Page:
I was asked by a father:
"Do you have any pointers on how to introduce something new into my
children's lives without causing extreme amounts of fit throwing and
contention? I can't seem to figure this one out."
There are many different tips out there that are suggested by therapists, doctors, families, etc. The most common seems to give plenty of time for adjustment and talk about it often to help them readjust to the new information in their lives.
What happens when there isn't time though? What do you do then?
It partially depends on what is being introduced. Is it something different the children will have to do? (i.e. chore changes, schedule changes, changes at school, etc.) Or is it something that is being introduced to them that throws of the balance? (i.e. a move, a new baby, a sibling going to camp, etc.)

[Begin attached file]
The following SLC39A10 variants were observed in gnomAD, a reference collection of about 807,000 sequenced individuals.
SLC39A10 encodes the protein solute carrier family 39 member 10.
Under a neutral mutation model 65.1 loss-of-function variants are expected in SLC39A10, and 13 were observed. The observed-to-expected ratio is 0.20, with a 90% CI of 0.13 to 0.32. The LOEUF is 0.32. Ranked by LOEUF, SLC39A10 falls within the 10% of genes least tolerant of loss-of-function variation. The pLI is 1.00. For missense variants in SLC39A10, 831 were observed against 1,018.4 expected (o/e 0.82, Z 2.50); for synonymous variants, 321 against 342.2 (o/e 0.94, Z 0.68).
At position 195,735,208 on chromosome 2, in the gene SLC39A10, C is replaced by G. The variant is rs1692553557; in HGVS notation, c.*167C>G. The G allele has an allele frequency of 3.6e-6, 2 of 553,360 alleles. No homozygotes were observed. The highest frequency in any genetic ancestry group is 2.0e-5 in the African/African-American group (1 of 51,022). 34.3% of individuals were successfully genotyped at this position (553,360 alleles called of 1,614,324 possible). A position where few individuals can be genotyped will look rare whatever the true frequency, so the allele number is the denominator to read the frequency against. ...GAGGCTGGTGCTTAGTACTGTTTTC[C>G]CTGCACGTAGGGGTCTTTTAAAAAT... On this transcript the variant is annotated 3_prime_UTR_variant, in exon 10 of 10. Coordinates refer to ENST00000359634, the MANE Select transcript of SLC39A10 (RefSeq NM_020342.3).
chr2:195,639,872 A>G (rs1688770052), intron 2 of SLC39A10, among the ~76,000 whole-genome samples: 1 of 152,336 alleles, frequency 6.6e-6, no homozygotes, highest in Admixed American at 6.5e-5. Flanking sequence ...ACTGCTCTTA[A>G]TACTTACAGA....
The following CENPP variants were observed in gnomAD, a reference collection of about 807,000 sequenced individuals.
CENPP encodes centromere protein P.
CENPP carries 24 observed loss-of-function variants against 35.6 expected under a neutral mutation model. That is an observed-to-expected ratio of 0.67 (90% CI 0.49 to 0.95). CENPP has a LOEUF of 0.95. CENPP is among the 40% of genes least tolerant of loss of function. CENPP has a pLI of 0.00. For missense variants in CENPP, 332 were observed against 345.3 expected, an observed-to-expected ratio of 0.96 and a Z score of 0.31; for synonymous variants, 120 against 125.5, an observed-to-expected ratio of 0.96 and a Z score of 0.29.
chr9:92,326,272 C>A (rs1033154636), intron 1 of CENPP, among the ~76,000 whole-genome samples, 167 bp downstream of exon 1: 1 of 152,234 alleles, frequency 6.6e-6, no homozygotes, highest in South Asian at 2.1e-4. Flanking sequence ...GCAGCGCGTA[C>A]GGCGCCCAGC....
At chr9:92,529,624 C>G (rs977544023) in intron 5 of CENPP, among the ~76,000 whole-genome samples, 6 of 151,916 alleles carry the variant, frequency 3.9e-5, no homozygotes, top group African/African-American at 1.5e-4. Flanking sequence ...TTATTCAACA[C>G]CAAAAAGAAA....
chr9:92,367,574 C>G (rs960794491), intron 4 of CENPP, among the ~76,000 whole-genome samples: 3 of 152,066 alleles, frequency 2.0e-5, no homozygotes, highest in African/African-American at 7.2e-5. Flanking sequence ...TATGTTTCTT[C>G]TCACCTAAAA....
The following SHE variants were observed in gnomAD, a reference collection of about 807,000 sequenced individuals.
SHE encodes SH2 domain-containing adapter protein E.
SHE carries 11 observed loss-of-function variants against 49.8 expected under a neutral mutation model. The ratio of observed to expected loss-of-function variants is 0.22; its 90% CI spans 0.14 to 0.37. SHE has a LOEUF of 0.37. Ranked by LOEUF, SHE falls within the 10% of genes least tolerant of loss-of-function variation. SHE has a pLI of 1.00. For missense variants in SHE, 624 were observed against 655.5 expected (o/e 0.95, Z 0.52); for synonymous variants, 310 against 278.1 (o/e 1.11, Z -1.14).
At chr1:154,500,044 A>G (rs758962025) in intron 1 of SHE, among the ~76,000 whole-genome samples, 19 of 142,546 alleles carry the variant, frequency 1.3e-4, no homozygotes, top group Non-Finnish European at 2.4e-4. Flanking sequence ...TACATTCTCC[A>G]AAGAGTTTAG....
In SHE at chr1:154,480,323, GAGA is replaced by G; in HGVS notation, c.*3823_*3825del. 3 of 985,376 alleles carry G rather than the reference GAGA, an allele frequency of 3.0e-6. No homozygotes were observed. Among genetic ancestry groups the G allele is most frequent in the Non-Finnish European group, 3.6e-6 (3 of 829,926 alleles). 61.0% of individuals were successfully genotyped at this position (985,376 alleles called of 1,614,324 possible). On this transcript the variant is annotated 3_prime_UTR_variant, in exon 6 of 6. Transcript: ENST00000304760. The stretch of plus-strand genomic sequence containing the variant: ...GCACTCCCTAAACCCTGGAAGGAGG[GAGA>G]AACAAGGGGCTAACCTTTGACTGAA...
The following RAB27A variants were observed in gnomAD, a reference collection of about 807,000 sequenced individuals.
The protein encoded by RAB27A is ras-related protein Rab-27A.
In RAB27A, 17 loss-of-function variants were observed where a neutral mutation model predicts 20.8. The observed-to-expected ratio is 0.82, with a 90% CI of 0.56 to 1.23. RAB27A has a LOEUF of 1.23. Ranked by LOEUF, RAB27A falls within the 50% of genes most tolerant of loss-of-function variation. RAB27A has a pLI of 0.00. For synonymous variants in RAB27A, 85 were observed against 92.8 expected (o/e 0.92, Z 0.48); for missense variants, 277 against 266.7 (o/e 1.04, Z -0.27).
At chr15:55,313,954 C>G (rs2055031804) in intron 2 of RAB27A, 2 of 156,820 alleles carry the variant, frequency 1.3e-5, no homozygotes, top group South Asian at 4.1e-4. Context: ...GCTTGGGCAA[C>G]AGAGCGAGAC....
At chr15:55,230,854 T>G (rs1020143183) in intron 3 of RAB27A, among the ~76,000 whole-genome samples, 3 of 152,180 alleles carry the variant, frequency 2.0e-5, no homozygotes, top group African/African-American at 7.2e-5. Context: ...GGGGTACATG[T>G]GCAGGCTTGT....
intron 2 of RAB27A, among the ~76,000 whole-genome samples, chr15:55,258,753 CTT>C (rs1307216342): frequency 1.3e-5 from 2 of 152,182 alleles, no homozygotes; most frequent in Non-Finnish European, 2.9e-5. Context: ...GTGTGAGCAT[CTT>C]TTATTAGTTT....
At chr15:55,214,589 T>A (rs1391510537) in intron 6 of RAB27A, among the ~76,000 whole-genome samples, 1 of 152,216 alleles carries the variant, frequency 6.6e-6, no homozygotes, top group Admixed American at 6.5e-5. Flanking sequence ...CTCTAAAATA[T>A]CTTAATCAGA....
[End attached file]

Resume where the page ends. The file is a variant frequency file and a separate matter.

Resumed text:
If the change is something that is going to change the way your child lives daily life, then the first thing is to remember to provide choices. They are very adamant about their agency and ability to decide for themselves, so let them. If they would rather deal with the natural consequences, then that is what they choose. Even if they don't like the consequences, if you remind them that you offered a choice and this is what they chose and said they would be okay accepting the consequences, the arguments and tempers are generally minimal. These children have an extremely strong moral fiber and if you remind them that they gave their word on something, they will keep it unless under extreme circumstances - or if you let the fit get so far before you help them back to the logic they chose.